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Letters From Father Christmas

Letters From Father Christmas

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Letters From Father Christmas

Bewertungen:
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Länge:
189 Seiten
1 Stunde
Freigegeben:
Feb 15, 2012
ISBN:
9780547951904
Format:
Buch

Beschreibung

Every December an envelope bearing a stamp from the North Pole would arrive for J.R.R. Tolkien’s children. Inside would be a letter in a strange, spidery handwriting and a beautiful colored drawing or painting. The letters were from Father Christmas.

They told wonderful tales of life at the North Pole: how the reindeer got loose and scattered presents all over the place; how the accident-prone North Polar Bear climbed the North Pole and fell through the roof of Father Christmas’s house into the dining room; how he broke the Moon into four pieces and made the Man in it fall into the back garden; how there were wars with the troublesome horde of goblins who lived in the caves beneath the house, and many more.

No reader, young or old, can fail to be charmed by Tolkien’s inventiveness in this classic holiday treat.

Freigegeben:
Feb 15, 2012
ISBN:
9780547951904
Format:
Buch

Über den Autor

J.R.R. TOLKIEN (1892–1973) is the creator of Middle-earth and author of such classic and extraordinary works of fiction as The Hobbit, The Lord of the Rings, and The Silmarillion. His books have been translated into more than fifty languages and have sold many millions of copies worldwide.


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Letters From Father Christmas - J.R.R. Tolkien

1920

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22nd December 1920

Christmas House,

North Pole

22nd December 1920

Dear John

I heard you ask daddy what I was like and where I lived. I have drawn me and my house for you. Take care of the picture. I am just off now for Oxford with my bundle of toys - some for you. Hope I shall arrive in time: the snow is very thick at the North Pole tonight. Your loving Father Christmas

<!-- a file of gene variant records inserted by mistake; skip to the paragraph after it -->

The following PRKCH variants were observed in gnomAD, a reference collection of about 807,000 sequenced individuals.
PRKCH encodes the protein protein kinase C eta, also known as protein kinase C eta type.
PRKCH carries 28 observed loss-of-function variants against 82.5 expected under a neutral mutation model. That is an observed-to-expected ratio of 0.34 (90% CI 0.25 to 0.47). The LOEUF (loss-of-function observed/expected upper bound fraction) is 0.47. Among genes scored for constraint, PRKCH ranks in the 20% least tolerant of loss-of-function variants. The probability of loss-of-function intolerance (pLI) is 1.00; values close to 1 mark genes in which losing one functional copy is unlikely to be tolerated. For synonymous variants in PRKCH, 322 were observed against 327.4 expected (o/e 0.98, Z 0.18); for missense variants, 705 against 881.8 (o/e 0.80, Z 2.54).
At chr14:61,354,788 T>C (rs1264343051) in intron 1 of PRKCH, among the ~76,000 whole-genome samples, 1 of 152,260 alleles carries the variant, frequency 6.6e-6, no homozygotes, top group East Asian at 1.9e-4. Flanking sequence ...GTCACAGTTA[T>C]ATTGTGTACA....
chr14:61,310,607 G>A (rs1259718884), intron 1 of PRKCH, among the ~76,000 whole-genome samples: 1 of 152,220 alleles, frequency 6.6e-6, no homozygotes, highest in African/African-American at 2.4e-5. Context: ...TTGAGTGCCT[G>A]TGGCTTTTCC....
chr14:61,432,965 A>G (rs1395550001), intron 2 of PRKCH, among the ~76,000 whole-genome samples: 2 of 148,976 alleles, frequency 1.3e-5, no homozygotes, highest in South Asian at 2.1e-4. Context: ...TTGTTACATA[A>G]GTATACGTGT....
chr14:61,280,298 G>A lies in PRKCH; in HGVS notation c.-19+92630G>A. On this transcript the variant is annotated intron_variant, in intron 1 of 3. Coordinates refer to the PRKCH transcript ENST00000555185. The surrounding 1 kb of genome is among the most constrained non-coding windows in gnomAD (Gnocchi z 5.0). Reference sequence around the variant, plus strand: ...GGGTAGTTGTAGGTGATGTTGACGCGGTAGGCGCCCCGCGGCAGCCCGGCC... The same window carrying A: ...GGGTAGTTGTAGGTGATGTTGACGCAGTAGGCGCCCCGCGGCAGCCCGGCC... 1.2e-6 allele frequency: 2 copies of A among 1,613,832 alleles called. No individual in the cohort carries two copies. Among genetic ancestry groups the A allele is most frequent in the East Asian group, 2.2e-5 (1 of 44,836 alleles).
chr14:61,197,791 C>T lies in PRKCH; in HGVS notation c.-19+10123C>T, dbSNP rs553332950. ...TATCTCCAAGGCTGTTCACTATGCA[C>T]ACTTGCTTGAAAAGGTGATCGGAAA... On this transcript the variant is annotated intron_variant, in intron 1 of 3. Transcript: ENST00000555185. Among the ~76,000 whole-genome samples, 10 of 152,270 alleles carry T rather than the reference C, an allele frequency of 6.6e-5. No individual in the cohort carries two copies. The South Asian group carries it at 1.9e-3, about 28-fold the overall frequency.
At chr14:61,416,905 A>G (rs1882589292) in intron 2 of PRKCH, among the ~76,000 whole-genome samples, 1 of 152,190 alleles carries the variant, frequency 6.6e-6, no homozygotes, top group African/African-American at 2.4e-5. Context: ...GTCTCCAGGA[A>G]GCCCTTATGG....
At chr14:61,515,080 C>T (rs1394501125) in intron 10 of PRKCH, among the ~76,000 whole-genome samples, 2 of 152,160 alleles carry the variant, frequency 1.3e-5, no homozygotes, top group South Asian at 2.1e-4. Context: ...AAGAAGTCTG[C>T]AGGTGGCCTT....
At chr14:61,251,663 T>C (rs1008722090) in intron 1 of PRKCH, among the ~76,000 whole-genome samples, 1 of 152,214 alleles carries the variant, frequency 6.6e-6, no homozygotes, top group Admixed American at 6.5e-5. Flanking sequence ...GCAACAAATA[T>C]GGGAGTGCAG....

1923

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Christmas Eve 1923

North Pole

Christmas Eve: 1923

My dear John,

It is very cold today and my hand is very shaky—I am nineteen hundred and twenty four, no! seven! years old on Christmas Day,—lots older than your great-grandfather, so I can’t stop the pen wobbling, but I hear that you are getting so good at reading that I expect you will be able to read my letter.

I send you lots of love (and lots for Michael too) and Lotts Bricks too (which are called that because there are lots more for you to have next year if you let me know in good time). I think they are prettier and stronger and tidier than Picabrix. So I hope you will like them.

Now I must go; it is a lovely fine night and I have got hundreds of miles to go before morning—there is such a lot to do.

A cold kiss from

Father Nicholas Christmas

1924

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December 1924

December 23rd 1924

Dear John

Hope you have a happy Christmas. only time for a short letter, my sleigh is waiting. Lots of new stockings to fill this year. Hope you will like station and things. A big kiss.

with love from

Father Christmas

Dear Michael Hilary

I am very busy this year: No time for letter. Lots of love. Hope the engine goes well. Take care of it. A big kiss.

with love from

Father Christmas

1925

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Christmas 1925

Cliff House,

Top of the World,

Near the North Pole

Christmas 1925

My dear boys,

I am dreadfully busy this year—it makes my hand more shaky than ever when I think of it—and not very rich; in fact awful things have been happening, and some of the presents have got spoilt, and I haven’t got the North Polar bear to help me, and I have had to move house just before Christmas, so you can imagine what a state everything is in, and you will see why I have a new address, and why I can only write one letter between you both.

It all happened like this: one very windy day last November my hood blew off and went and stuck on the top of the North Pole. I told him not to, but the North Polar Bear climbed up to the thin top to get it down—and he did. The pole broke in the middle and fell on the roof of my house, and the North Polar Bear fell through the hole it made into the dining room with my hood over his nose, and all the snow fell off the roof into the house and melted and put out all the fires and ran down into the cellars, where I was collecting this year’s presents, and the North Polar Bear’s leg got broken.

He is well again now, but I was so cross with him that he says he won’t try to help me again—I expect his temper is hurt, and will be mended by next Christmas.

I send you a picture of the accident and of my new house on the cliffs above the North Pole (with beautiful cellars in the cliffs). If John can’t read my old shaky writing (one thousand nine hundred and twenty-five years old) he must get his father to. When is Michael going to learn to read, and write his own letters to me? Lots of love to you both and Christopher, whose name is rather like mine.

That’s all: Good Bye

Father Christmas

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